The role of emotive triggers in branding

Emotive triggers spark the emotions that get individuals to choose one option rather than another – which indicates that a company’s marketing team needs to know just what to say and do in order to get consumers buying their products, drive further demand, connect meaningfully with their target audience and develop loyalty to their brand.


This is not referring to hype and hard-selling, but rather talking about getting clients to move from implied needs to expressing their desires – providing the opportunity for brands to understand their clients better and  provide them with products and services that they really want. This can be a virtuous process when done correctly and  will keep clients coming back for more.

Some of the most common emotive triggers employed in marketing campaigns as a result of the strong responses they  evoke are trust, value, belonging, competition, instant gratification, trend-setting, leadership, fear, guilt and anger.

To find out what ‘emotivates’ customers to buy, there are a number of proven processes and techniques, including qualitative profiles from established sources; reviews; research; situational analysis and strategy canvases – all of which will assist the business in unveiling clients’ emotive triggers.

It’s important to remember that when using established consumer research sources like AMPS and Neilsen, it’s necessary to look deeper in order to find the underlying drivers of buying behaviour. These drivers can then be incorporated into the brand’s product offering, creating a sincere and meaningful appeal.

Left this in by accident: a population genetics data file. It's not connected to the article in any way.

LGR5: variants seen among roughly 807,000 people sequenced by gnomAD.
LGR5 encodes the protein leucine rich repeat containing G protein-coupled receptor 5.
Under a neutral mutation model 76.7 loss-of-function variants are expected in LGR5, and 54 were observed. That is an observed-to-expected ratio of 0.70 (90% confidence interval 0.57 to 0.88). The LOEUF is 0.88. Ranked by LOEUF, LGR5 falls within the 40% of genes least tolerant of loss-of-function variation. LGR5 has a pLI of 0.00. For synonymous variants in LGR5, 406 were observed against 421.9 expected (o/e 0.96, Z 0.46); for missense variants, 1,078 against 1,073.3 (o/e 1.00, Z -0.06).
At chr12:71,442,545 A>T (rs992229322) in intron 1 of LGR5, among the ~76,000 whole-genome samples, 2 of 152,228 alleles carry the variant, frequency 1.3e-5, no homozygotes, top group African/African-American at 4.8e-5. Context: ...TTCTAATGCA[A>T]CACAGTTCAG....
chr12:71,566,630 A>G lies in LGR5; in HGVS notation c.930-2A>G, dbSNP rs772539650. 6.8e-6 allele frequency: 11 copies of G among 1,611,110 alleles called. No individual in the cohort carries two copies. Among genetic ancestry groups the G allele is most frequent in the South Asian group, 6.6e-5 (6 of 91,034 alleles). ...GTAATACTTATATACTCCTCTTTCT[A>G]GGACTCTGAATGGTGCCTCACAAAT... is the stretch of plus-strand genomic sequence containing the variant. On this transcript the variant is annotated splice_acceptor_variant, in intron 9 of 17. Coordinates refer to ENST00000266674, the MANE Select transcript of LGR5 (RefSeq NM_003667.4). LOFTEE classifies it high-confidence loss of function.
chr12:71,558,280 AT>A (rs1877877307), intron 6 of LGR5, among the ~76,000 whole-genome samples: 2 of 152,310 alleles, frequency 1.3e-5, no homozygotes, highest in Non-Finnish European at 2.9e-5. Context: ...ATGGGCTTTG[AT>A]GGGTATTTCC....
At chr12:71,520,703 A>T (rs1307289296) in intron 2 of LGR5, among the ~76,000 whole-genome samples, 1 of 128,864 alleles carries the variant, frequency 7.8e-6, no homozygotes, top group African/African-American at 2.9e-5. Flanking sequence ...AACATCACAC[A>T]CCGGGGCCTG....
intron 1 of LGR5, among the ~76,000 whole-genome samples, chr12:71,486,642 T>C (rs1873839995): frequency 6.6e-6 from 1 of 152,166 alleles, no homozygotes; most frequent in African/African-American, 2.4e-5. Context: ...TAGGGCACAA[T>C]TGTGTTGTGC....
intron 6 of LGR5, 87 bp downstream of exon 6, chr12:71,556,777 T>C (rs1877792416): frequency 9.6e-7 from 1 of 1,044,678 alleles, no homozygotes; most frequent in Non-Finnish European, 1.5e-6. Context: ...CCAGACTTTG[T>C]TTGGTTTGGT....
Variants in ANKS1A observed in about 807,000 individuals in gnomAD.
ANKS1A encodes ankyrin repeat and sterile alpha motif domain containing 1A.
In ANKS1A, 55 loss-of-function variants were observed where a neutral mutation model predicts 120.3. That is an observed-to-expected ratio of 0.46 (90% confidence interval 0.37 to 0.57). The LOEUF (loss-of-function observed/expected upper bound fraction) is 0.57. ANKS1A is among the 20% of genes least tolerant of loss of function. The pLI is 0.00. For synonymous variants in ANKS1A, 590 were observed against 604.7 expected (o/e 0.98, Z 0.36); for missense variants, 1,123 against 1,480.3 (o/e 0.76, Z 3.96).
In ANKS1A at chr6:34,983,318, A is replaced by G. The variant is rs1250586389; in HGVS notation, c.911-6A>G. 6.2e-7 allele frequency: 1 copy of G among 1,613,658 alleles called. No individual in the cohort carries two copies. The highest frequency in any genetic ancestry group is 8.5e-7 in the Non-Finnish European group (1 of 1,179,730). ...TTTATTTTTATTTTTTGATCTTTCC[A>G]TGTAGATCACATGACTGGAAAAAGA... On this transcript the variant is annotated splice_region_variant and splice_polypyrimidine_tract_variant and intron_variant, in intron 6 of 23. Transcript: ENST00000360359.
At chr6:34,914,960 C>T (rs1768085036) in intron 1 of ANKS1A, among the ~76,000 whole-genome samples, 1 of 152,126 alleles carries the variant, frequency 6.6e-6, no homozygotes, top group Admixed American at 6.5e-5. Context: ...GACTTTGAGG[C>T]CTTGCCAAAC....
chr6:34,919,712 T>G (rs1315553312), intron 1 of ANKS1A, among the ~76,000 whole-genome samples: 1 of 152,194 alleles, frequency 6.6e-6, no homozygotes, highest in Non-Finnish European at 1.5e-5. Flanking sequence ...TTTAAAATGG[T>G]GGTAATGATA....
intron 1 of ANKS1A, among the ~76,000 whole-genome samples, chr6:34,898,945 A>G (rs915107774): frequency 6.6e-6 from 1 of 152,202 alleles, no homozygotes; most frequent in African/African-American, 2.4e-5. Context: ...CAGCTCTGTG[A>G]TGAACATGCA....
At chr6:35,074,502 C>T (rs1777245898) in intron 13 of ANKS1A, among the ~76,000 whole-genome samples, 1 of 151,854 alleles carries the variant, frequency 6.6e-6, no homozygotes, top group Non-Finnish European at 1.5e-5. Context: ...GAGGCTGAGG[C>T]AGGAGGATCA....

Likewise, when reviewing and interpreting research and results, ensure that the intention of discovering what underpins responses remains top of mind so a customised client-centric approach can be formulated. Open-ended questions requiring interpretative skills are widely under-utilised in market research these days.

A strategy canvas – adopted from Blue Ocean Strategy, by W. Chan Kim and Renee Mauborgne – can also be highly effective as it reorients the way marketers view consumers’ needs versus the prevailing offerings, both their own and that of competitors. A strategy canvas is designed to identify opportunities to differentiate and quickly shows that the conventional ways of differentiating with product, service and convenience attributes remains a cluttered landscape. However, in the process of doing a strategy canvas, the marketer’s eyes are opened to the need to identify a new offering and to the potential of developing a new and more compelling value proposition and messaging.

Effectively identifying emotive triggers will highlight the brand’s opportunity to develop a new value offering that includes cost, utility, communication and convenience – but ultimately with a deeper appeal to the consumers’ wants and needs.

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